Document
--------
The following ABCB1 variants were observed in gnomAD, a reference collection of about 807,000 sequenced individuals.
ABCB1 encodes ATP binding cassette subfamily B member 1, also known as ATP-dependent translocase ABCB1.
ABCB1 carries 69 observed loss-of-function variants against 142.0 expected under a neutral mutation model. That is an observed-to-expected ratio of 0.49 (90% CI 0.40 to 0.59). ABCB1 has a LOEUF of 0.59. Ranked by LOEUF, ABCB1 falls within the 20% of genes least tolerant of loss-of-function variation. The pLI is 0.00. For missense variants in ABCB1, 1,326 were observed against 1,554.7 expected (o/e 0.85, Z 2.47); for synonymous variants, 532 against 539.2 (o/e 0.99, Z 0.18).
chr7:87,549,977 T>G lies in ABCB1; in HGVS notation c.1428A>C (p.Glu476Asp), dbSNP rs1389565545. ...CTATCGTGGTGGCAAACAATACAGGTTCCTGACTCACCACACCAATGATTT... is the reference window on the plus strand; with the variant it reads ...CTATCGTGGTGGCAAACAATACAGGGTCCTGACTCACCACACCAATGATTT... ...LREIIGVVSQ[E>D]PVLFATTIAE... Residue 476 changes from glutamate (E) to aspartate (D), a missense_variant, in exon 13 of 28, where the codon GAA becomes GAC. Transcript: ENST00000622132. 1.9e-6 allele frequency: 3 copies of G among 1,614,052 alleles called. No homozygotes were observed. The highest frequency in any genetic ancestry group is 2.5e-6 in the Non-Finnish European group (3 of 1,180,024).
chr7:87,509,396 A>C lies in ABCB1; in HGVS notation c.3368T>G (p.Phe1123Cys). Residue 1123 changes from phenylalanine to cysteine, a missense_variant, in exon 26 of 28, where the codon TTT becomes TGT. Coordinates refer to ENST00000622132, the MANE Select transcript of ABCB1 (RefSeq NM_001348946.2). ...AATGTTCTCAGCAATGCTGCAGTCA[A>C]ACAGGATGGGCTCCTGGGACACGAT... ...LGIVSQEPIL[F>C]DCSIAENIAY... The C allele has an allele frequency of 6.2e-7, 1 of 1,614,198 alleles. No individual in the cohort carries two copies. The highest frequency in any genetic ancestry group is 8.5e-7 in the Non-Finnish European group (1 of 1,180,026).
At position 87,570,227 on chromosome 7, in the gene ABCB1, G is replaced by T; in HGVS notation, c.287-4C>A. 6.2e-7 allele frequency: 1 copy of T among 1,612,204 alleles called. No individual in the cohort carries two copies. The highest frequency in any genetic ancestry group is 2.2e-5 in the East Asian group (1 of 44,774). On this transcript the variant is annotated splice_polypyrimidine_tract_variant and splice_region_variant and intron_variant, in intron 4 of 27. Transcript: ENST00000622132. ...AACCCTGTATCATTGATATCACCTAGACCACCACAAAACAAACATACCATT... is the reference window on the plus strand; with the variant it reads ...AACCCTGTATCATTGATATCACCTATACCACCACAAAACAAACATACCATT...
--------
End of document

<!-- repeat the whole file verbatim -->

The following ABCB1 variants were observed in gnomAD, a reference collection of about 807,000 sequenced individuals.
ABCB1 encodes ATP binding cassette subfamily B member 1, also known as ATP-dependent translocase ABCB1.
ABCB1 carries 69 observed loss-of-function variants against 142.0 expected under a neutral mutation model. That is an observed-to-expected ratio of 0.49 (90% CI 0.40 to 0.59). ABCB1 has a LOEUF of 0.59. Ranked by LOEUF, ABCB1 falls within the 20% of genes least tolerant of loss-of-function variation. The pLI is 0.00. For missense variants in ABCB1, 1,326 were observed against 1,554.7 expected (o/e 0.85, Z 2.47); for synonymous variants, 532 against 539.2 (o/e 0.99, Z 0.18).
chr7:87,549,977 T>G lies in ABCB1; in HGVS notation c.1428A>C (p.Glu476Asp), dbSNP rs1389565545. ...CTATCGTGGTGGCAAACAATACAGGTTCCTGACTCACCACACCAATGATTT... is the reference window on the plus strand; with the variant it reads ...CTATCGTGGTGGCAAACAATACAGGGTCCTGACTCACCACACCAATGATTT... ...LREIIGVVSQ[E>D]PVLFATTIAE... Residue 476 changes from glutamate (E) to aspartate (D), a missense_variant, in exon 13 of 28, where the codon GAA becomes GAC. Transcript: ENST00000622132. 1.9e-6 allele frequency: 3 copies of G among 1,614,052 alleles called. No homozygotes were observed. The highest frequency in any genetic ancestry group is 2.5e-6 in the Non-Finnish European group (3 of 1,180,024).
chr7:87,509,396 A>C lies in ABCB1; in HGVS notation c.3368T>G (p.Phe1123Cys). Residue 1123 changes from phenylalanine to cysteine, a missense_variant, in exon 26 of 28, where the codon TTT becomes TGT. Coordinates refer to ENST00000622132, the MANE Select transcript of ABCB1 (RefSeq NM_001348946.2). ...AATGTTCTCAGCAATGCTGCAGTCA[A>C]ACAGGATGGGCTCCTGGGACACGAT... ...LGIVSQEPIL[F>C]DCSIAENIAY... The C allele has an allele frequency of 6.2e-7, 1 of 1,614,198 alleles. No individual in the cohort carries two copies. The highest frequency in any genetic ancestry group is 8.5e-7 in the Non-Finnish European group (1 of 1,180,026).
At position 87,570,227 on chromosome 7, in the gene ABCB1, G is replaced by T; in HGVS notation, c.287-4C>A. 6.2e-7 allele frequency: 1 copy of T among 1,612,204 alleles called. No individual in the cohort carries two copies. The highest frequency in any genetic ancestry group is 2.2e-5 in the East Asian group (1 of 44,774). On this transcript the variant is annotated splice_polypyrimidine_tract_variant and splice_region_variant and intron_variant, in intron 4 of 27. Transcript: ENST00000622132. ...AACCCTGTATCATTGATATCACCTAGACCACCACAAAACAAACATACCATT... is the reference window on the plus strand; with the variant it reads ...AACCCTGTATCATTGATATCACCTATACCACCACAAAACAAACATACCATT...